This morning, I read an interview with Arsene Wenger, by the brilliant Amy Lawrence on the The Athletic. It left me pining for the days when I would genuinely look forward to watching Arsenal press conferences. Without fail, Wenger would have me gripped from start to finish, as he was quizzed on football, society and everything else in between. He had such a way with words that he made even the most tedious and mundane topic sound beautiful and mesmeric.
Of course, this article was no different. It was full of classic Arsene quips and tales that differentiate him from almost anyone else involved in the beautiful game.
"An optimist is a happy idiot. A pessimist is an unhappy idiot."
It's such a simple comment, but one that I find instantly relatable. I suffer from Bipolar Disorder, and this statement essentially summarises the two states that I frequently visit. During my manic phases, I believe I can conquer the world and there is nothing that can stop me. On one occasions, I told my whole family that I was going to buy a cheap car and drive it all the way to China. I hadn't considered any of the plausibility, I hadn't even worked out how I would accrue the money for such an outlandish venture, but I was adamant that I was going to achieve my dream; a happy idiot.
Little more than a week later and my outlook had flipped immeasurably into a deeply depressive phase. No longer was my head floating in the clouds; no longer was I capable of anything. In fact, I now couldn't see my worth to the world, let alone to my Top Gear Christmas Special proposal; an unhappy idiot.
So what does any of this have to do with the above shirt? Well, nothing and everything. This is the shirt that Arsenal wore during their first season at Emirates Stadium, a significant shift to the future of the football club. Why was that change possible? Largely, through the efforts of Arsene Wenger.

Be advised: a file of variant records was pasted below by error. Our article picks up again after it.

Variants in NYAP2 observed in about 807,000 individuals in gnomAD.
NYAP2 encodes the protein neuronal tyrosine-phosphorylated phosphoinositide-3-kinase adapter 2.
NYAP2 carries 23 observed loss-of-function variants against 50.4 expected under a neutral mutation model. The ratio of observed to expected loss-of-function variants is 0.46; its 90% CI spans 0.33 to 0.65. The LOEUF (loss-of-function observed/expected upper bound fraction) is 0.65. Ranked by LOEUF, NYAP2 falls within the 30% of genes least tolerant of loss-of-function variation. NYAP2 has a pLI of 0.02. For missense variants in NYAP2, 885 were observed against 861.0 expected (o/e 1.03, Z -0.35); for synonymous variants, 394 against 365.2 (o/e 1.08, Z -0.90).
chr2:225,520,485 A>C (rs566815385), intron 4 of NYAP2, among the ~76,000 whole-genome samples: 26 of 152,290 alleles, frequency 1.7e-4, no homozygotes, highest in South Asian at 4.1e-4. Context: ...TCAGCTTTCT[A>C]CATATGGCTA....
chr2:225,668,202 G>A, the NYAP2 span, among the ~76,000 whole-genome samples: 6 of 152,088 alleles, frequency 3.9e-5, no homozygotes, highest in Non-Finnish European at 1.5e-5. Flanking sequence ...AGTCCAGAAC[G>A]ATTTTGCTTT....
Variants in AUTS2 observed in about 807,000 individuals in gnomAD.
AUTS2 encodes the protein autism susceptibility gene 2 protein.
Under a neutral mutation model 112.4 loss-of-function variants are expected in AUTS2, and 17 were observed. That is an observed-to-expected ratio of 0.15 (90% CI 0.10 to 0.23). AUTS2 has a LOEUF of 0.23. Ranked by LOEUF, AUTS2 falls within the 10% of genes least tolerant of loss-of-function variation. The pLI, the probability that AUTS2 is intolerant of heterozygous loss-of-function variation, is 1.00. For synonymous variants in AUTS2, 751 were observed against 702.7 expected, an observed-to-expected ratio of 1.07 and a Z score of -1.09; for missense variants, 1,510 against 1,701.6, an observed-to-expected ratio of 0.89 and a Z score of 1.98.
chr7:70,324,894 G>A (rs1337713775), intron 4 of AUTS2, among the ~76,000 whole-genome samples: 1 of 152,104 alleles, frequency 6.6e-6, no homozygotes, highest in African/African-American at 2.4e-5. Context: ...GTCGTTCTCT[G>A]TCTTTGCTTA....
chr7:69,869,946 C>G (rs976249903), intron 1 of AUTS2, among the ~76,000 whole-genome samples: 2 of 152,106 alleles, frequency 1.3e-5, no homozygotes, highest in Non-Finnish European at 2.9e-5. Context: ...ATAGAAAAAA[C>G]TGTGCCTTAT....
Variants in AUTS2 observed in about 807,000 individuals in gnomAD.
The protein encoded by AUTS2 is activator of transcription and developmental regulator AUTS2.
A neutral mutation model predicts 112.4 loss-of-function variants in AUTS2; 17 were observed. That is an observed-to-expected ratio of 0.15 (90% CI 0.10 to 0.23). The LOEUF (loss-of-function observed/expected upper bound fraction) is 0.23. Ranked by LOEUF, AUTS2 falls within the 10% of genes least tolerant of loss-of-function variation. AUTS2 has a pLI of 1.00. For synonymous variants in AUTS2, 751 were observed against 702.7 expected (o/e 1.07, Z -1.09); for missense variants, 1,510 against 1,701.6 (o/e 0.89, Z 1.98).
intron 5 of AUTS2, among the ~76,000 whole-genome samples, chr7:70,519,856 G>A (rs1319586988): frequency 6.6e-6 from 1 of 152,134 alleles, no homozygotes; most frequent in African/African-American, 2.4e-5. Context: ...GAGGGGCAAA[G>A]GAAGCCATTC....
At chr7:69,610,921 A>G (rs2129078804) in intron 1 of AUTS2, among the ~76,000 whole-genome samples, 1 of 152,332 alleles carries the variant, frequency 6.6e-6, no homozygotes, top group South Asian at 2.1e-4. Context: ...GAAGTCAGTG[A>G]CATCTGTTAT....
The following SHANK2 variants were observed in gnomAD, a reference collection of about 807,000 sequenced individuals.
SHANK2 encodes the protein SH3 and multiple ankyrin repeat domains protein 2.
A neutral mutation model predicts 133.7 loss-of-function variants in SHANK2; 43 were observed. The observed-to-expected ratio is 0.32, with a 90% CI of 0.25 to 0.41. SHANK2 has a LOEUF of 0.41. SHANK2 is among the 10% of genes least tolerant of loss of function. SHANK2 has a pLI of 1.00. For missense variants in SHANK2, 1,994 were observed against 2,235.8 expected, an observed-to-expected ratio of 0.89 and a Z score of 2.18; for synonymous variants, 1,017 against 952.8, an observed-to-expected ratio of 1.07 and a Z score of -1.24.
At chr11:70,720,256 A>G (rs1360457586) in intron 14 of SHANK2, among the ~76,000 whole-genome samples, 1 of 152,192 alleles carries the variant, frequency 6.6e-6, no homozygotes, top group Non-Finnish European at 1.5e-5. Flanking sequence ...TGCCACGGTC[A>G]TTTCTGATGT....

I have been very vocal in the past about my relationship with Arsenal's new stadium, pining for the simpler days of my trips to Highbury. But it is impossible to look at that historic move and not admire the tenacity of the former Arsenal manager. During his time at the club, he transformed the Gunners into a global football club. Of course, he was not the sole reason for these changes, but his role in both transitions cannot be overstated.
When Arsene arrived in England in 1996, he changed the direction that English football was heading. His style of football and his innovative ideas on physical development and nutrition set him apart from anything else that the English game had seen. He was the catalyst for change.
When Arsenal walked out at the Emirates for the first competitive game against Aston Villa, I believed that Arsenal were about to take Europe by storm; I was a happy idiot. Fast-forward 14 years, with Arsenal floating in the purgatory of midtable, I no longer believe; I am an unhappy idiot.